Often times a police officer making a DUI arrest will ask or demand that you take some type of field sobriety testing. Nervous, and feeling that compliance is required, most all drivers submit to these roadside tests, and unknowingly help the police officer build a DUI case against them.

In the State of Georgia, all POST certified law enforcement officers have taken the NHTSA class on field sobriety testing. In this 24 hour training course, officers learn how to administer the basic field sobriety evaluations, as well as basic concepts in alcohol detection and physiology. If you have been suspected of a DUI in Georgia, chances are the officer asked you to perform these field test, which include the horizontal gaze nystagmus test, the walk and turn test, and the one leg stand test. Officers also frequently include a preliminary breath test, some form of alphabet test, and other agility exercises when investigation a suspected DUI driver.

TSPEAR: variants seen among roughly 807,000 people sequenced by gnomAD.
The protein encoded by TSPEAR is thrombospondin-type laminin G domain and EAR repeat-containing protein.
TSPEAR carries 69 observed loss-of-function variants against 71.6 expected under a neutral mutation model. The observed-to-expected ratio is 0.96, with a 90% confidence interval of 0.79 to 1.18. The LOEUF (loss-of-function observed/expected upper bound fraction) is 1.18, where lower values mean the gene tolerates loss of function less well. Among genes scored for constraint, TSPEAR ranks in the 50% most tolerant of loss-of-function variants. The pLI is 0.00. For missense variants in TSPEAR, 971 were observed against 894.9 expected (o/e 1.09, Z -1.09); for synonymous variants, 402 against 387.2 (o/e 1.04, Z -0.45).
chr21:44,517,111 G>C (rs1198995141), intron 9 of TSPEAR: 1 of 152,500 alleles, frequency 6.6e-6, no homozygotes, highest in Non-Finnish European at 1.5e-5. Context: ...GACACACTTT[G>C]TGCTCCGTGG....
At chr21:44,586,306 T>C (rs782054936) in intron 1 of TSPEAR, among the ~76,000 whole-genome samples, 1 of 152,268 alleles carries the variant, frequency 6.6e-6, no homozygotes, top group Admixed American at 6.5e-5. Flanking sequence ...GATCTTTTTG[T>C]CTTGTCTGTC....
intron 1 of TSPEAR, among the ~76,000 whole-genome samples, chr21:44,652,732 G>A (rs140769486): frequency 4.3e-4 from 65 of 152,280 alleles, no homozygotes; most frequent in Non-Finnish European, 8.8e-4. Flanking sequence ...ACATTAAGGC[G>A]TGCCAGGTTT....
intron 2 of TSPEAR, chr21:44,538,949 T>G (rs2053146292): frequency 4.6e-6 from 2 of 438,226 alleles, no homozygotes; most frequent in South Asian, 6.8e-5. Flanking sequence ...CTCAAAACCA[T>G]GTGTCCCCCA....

While 9 of 10 drivers think these tests are mandatory, they are not. The Georgia Constitution, as well as Georgia law, protects all citizens of this state from being compelled to give evidence against themselves. While compliance is not required, it is up to the driver to exercise his right to refuse taking these field sobriety tests. Additionally, once in custody and charged with a crime, no officer can make a citizen of Georgia submit to any further testing, absent a warrant or other statutory power. The right to refuse these field sobriety tests is frequently confused with Georgia’s Implied Consent law and the right to refuse chemical testing of your blood, breath, or urine. While you do have the right to refuse testing under Implied Consent law, refusing the tests requested by the arresting officer will carry driver’s license penalties. Refusing to take field sobriety tests, before you are placed under arrest carry no driver’s license penalties.